Upscaling Video: What Is ItUpscaling is the technique to increase the image resolution without recourse to an actual source of higher definition. Any video sequence will be upscaled for display on a screen with higher resolution than the video itself. Upscaling a video to be encoded will give control over the automated upscaling done by the output devices (television sets or computer monitors). Unless a video has the exact resolution defined as standard for a given output device, the video will always be rescaled. Thus (proper) upscaling will increase the image quality on a high-definition screen while not reasonably change its quality on a standard-definition screen. Yet there is a downside: a higher resolution means more pixels per image that may or may not increase the bitrate required for optimal compression.
In short, the increase in quality generally (as in: for most people) does not justify the increase in file size and the additional time spent on preparing and doing the encoding. But you may think it interesting if you are watching low resolution video on a high definition screen.
Proposed Web SolutionsThere are few solution proposed on the internet.
Robert Martens has written a whole guide, providing the necessary tools and a his own autoloaded AviSynth script SimpleSlugUpscale but it does little more than deinterlacing and resizing the image. But that it does well!
gyroshot.com - SimpleSlugUpscale
Meanwhile Jean Brünn has made a comparison of AviSynth resizers that are commonly used for upscaling videos. Winner in his little test was tritical's NNEDI filter. NNEDI apparently stands for something like neural network edge directed interpolation.
Upscaling in Avisynth – Comparison of Resizers
tritical's AviSynth Filters
Upscaling a Progressive VideoHere is my proposed solution for a video with progressive scan. Progressive scan is today often used on Blu-ray or PAL DVD video. Obviously not deinterlacing, that is reverting interlaced video to progressive scan, is required on this sort of material. Robert Martens' SimpleSlugUpscale and tritical's series of edge directed interpolation filters were created for deinterlacing and upscaling. But NNEDI3 has a special function that does just the upscaling of the image and that's what I'm going to use.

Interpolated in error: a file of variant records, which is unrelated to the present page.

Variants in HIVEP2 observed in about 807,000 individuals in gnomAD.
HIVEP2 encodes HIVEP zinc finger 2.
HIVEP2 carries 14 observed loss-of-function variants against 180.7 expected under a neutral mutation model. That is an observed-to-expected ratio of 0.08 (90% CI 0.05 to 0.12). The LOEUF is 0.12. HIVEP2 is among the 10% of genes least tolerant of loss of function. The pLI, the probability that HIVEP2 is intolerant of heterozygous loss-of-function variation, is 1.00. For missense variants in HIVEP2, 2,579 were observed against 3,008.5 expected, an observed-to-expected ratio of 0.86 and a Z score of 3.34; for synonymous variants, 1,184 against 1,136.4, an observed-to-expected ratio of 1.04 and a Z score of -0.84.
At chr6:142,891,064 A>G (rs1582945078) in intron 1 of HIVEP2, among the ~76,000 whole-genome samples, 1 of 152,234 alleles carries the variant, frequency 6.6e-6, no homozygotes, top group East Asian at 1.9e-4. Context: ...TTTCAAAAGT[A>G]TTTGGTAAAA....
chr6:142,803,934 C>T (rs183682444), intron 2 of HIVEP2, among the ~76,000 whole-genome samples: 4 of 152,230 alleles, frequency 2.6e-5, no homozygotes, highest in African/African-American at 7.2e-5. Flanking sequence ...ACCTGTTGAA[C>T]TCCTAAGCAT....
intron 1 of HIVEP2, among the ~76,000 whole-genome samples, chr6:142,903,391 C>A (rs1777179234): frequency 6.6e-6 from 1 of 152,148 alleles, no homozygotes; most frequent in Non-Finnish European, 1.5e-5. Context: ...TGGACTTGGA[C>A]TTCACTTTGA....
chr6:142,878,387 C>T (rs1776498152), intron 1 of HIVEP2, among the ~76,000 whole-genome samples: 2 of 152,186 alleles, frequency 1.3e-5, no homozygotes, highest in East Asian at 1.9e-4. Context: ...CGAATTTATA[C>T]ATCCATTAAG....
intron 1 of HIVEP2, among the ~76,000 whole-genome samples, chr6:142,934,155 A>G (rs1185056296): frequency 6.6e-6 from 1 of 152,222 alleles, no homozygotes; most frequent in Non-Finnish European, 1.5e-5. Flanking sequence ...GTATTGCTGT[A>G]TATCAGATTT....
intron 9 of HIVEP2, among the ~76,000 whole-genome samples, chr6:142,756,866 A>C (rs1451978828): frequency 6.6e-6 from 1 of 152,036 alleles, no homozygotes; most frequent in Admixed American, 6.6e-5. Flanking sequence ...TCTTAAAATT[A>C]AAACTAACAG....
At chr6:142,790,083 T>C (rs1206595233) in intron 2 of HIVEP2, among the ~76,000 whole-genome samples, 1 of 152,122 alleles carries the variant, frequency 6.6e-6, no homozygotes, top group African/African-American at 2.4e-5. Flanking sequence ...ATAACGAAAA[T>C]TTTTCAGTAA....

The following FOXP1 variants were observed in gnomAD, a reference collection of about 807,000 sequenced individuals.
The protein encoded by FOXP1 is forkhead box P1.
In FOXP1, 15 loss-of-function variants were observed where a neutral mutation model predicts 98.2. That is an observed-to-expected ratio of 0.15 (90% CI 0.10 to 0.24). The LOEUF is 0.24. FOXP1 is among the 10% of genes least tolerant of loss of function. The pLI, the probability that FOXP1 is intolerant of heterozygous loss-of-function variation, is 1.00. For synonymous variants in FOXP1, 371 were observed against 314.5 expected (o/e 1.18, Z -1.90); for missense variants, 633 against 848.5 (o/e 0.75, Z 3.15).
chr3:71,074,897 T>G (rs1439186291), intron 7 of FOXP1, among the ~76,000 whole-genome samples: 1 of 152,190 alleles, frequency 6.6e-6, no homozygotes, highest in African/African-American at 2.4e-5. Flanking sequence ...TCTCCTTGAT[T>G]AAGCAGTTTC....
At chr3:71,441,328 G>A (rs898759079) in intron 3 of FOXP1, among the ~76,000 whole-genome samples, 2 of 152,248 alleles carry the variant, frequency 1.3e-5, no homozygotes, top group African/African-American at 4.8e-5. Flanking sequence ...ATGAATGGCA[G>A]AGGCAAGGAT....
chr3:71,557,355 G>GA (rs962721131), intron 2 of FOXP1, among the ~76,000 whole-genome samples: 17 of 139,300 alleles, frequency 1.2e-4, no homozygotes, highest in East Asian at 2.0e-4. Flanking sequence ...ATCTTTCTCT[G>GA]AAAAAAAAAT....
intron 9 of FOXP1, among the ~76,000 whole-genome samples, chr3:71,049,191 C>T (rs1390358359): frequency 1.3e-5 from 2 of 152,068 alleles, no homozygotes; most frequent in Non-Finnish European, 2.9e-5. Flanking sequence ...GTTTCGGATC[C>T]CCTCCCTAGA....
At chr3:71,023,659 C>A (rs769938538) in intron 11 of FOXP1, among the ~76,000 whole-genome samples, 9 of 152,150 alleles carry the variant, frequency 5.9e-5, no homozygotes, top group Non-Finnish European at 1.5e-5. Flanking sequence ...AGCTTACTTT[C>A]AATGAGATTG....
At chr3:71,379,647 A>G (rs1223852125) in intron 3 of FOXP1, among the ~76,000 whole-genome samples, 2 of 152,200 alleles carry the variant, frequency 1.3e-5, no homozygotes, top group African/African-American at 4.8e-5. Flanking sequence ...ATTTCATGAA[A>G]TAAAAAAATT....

To give you the basic idea, here's an outline of my approach. AviSynth is a frameserver program acting as a non-linear video editor. It does not have a GUI but is controlled by scripts written in the AviSynth scripting language. It is inasmuch a frameserver that any program able to open AviSynth scripts will actually see an uncompressed AVI file. But reduce the workload on the computer VirtualDub can be used to actually create a real AVI file before continuing processing the video. To reduce the filesize a bit, I will use Lagarith for lossless video compression.
The AviSynth script will load the source video, do some pre-processing before converting it into the YV12 color space needed by most AviSynth filters like NNEDI or WarpSharp. NNEDI will do the major upscaling before cropping, sharpening, and resizing it. VirtualDub then will encode the script.
List of the ToolsAviSynth 2.6.0 (still in alpha release)
AviSynth MT 2.6
VirtualDub 1.10.1 (experimental build)
If either version does not work or crash, use the stable releases 2.5.8 and 1.9.11, respectively. To install the MT package (adding multithreading capabilities to AviSynth) follow the instruction that come with the archive (in case you use the stable version of AviSynth you'll need the proper MT package).
Lagarith Lossless Video Codec 1.3.26
Next are the necessary filters that are not included in AviSynth:
DeDot and Checkmate are optional for the pre-processing in case you have older video transfers that may reduce rainbows, dots and dotcrawl.
nnedi3 and WarpSharp are doing most of the work, though the sharpening filter is optional, both in its use and in its choice.